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. Last Updated: 07/27/2016

Moscow Lawyer Seeks U.S. Asylum

Lawyer Boris Kuznetsov, who has defended numerous high-profile clients against government charges and is suspected of divulging state secrets, said Tuesday that he had requested political asylum in the United States.

Kuznetsov, 64, fled the country in July, just days before a city court ruled that he had disclosed state secrets by filing a complaint to the Constitutional Court that the Federal Security Service had illegally wiretapped the telephone of his client, former Senator Levon Chakhmakhchyan.

In a telephone interview from New York on Tuesday, Kuznetsov said he applied for asylum in New Jersey in December after his U.S. visa expired.

The U.S. Immigration and Citizenship Services is to issue a decision Feb. 12, Kuznetsov said.

"Many people are saying I applied for asylum due to bad health or money problems," he said. "If that's true, I would have gone to a doctor or a bank. The fact is that the FSB are chasing me for doing my professional duty."

Kuznetsov had been defending Chakhmakhchyan on charges of accepting a $300,000 bribe in a sting operation.

The Tverskoi District Court ruled in July that Kuznetsov had revealed state secrets by telling the Constitutional Court about the wiretap, and city prosecutors subsequently opened a criminal investigation. Kuznetsov insisted that the bugging of Chakhmakhchyan's phone was a violation of the former senator's human rights and could not be considered a state secret. He fled the country before the case against him was opened and has not been formally charged.

Experts commissioned by the Investigative Committee have since concluded that Kuznetsov's complaint did contain state secrets, said Kuznetsov's lawyer, Robert Zinovyev.

Zinovyev claims, however, that the experts were in fact from the FSB, prompting suspicion that the agency itself was after Kuznetsov.

"Everyone knows that once you acquire the status of a suspect, the authorities can do what they like to you," Zinovyev said. "He heard the arrest was coming and decided to take action."

An FSB spokesman declined to comment immediately on the claim and asked for questions in writing. A request for comment faxed to the agency went unanswered as of Tuesday evening.

Reached on his cell phone in the days and weeks after he fled the country, Kuznetsov gave vague descriptions of his whereabouts, often saying he was somewhere in "Eurasia."

He explained Tuesday that shortly before the court's ruling, he drove from Moscow to Kiev, from which he flew to Berlin several days later. Kuznetsov said he remained in Germany until his Schengen visa expired and then flew to the United States on Sept. 30.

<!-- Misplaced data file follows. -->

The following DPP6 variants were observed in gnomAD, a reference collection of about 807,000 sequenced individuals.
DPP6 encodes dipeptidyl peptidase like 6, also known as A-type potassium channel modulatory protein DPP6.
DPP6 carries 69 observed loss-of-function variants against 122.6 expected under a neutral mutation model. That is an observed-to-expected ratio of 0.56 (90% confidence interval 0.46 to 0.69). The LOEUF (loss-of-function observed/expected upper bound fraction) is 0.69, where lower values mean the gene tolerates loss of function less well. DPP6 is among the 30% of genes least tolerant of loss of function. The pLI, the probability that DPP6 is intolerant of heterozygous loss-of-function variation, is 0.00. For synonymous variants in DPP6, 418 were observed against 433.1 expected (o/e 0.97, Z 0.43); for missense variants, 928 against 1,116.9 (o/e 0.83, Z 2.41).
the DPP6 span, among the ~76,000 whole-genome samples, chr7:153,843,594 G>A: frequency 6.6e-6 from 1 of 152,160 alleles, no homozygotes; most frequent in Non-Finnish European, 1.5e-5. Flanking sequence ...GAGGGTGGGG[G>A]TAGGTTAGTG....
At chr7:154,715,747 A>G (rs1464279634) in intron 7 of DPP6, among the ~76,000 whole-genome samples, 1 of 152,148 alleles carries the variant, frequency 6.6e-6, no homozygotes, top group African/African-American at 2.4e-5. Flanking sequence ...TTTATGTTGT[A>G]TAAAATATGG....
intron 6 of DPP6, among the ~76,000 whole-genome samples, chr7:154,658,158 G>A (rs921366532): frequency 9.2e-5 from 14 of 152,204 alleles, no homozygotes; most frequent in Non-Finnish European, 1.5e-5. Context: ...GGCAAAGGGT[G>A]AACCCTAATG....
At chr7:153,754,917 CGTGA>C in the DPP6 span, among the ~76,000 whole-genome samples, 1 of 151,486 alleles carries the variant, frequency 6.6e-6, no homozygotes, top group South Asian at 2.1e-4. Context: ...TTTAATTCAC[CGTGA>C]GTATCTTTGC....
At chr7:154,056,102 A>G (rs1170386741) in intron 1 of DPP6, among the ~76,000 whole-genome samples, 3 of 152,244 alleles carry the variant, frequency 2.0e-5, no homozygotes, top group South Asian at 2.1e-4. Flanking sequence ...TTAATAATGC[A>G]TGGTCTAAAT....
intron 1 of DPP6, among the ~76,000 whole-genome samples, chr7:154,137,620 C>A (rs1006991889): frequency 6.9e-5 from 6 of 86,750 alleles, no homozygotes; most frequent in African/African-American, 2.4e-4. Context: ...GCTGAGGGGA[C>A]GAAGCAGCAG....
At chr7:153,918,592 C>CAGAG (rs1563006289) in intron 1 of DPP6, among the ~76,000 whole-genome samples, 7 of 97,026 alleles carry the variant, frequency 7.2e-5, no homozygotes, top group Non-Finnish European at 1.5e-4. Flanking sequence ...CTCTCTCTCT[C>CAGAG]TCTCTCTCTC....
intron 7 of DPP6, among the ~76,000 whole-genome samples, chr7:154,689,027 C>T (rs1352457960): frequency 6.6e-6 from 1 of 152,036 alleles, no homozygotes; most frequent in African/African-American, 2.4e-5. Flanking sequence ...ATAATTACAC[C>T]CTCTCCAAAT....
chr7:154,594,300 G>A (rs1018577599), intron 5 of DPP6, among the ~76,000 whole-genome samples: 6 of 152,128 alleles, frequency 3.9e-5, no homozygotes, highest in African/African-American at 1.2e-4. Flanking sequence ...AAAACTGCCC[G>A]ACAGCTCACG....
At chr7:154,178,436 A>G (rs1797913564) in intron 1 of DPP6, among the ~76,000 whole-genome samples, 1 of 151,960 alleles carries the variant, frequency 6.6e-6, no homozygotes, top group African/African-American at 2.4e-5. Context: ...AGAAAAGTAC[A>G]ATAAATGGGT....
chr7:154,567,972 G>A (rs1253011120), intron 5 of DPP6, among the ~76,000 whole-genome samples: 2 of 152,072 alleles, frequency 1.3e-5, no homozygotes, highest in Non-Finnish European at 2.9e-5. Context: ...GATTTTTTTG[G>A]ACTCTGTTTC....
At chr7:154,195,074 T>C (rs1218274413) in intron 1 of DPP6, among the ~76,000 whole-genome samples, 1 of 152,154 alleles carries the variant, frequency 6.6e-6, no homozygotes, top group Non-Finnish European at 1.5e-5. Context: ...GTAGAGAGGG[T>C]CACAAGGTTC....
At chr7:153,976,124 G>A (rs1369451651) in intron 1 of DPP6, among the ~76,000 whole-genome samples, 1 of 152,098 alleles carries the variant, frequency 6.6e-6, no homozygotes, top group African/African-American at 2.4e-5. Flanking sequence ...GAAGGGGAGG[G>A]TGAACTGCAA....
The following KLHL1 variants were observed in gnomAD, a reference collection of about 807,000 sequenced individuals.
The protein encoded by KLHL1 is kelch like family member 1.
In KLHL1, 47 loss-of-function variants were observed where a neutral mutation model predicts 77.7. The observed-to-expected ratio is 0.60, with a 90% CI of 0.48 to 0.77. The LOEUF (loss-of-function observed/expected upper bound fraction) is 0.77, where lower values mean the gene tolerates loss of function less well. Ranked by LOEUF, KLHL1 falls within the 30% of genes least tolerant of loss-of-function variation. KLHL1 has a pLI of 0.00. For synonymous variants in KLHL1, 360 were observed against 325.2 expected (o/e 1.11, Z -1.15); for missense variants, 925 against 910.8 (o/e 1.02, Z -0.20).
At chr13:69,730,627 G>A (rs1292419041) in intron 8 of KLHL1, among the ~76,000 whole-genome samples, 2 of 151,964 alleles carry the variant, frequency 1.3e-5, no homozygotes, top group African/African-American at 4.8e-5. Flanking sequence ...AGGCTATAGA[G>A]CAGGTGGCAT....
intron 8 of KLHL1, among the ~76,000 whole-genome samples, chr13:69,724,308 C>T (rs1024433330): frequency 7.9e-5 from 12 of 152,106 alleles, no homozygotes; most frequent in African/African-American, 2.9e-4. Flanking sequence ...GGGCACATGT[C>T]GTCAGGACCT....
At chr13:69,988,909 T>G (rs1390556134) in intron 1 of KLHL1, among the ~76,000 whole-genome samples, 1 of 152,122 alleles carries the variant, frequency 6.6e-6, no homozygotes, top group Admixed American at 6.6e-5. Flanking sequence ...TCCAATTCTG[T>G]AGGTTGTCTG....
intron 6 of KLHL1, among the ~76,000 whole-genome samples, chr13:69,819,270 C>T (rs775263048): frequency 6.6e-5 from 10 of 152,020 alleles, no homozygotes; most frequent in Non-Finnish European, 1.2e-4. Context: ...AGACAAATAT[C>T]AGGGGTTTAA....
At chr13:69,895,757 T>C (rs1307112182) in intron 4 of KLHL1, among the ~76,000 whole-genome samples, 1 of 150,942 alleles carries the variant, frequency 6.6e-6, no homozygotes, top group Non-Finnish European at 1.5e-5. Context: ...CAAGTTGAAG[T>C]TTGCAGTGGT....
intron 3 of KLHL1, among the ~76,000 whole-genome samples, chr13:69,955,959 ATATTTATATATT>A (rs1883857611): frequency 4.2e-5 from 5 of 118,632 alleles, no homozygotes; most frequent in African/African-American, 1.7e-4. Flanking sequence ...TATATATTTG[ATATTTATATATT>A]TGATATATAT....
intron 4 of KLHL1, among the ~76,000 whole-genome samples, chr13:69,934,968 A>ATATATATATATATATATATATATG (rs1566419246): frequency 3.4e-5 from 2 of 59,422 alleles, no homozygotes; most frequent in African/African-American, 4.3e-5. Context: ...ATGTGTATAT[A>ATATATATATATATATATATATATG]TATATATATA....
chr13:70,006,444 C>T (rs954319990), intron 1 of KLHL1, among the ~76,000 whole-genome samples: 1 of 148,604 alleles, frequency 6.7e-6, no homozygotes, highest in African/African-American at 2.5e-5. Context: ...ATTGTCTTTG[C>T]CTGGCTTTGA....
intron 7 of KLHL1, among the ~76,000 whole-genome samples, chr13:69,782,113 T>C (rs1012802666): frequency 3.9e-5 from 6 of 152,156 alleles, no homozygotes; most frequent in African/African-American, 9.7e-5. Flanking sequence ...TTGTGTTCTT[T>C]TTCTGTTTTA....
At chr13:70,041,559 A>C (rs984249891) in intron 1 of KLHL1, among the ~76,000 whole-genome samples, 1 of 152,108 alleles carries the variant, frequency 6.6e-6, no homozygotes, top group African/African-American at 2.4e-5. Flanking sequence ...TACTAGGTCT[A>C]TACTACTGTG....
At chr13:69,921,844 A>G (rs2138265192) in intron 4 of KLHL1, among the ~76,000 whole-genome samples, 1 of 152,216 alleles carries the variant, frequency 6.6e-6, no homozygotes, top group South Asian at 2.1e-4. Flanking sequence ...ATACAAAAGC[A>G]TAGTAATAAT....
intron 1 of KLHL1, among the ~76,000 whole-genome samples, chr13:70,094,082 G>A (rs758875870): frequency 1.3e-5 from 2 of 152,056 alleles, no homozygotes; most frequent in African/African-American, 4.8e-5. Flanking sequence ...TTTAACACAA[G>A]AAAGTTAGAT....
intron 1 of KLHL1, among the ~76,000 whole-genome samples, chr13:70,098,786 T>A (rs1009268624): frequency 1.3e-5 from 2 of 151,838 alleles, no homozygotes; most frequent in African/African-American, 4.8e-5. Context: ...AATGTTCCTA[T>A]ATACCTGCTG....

Mikhail Ionkin, a spokesman for the Moscow branch of the Prosecutor General's Office's Investigative Committee, which is leading the investigation into Kuznetsov, denied that the case was politicized and said Kuznetsov's fears of arrest were unfounded.

"If he were in Russia, he would probably not be detained because he does not represent a danger to society," Ionkin said.

No court has issued an arrest warrant for Kuznetsov, Ionkin said.

Citing technical violations by investigators, Zinovyev has requested that the Investigative Committee drop the case, which it has refused to do. The Zamoskvoretsky District Court is scheduled to consider the complaint over the refusal Friday, Zinovyev said.

The U.S. Immigration and Citizenship Services, under the auspices of the U.S. Department of Homeland Security, is the first point of contact for an individual seeking asylum in the United States, an agency spokesman said Tuesday.

An asylum-seeker must prove beyond reasonable doubt past or future persecution on the grounds of race, religion, nationality, political opinion or membership in a social group, he said.

If the agency rejects a request, the asylum-seeker can demand a hearing with an immigration official empowered to reverse earlier decisions, the spokesman said.

The spokesman said he could not comment on Kuznetsov's application because he was forbidden from discussing individual cases.

Kuznetsov said the Chakhmakhchyan case might have been the "last straw" for the authorities.

From 2001 to 2006, Kuznetsov represented the relatives of sailors who died in the Kursk submarine disaster.

His other clients have included Manana Aslamazyan, head of the Educated Media Foundation, Igor Sutyagin, a scientist sentenced by a jury to 15 years in prison for of high treason in 2004, and the family of slain journalist Anna Politkovskaya.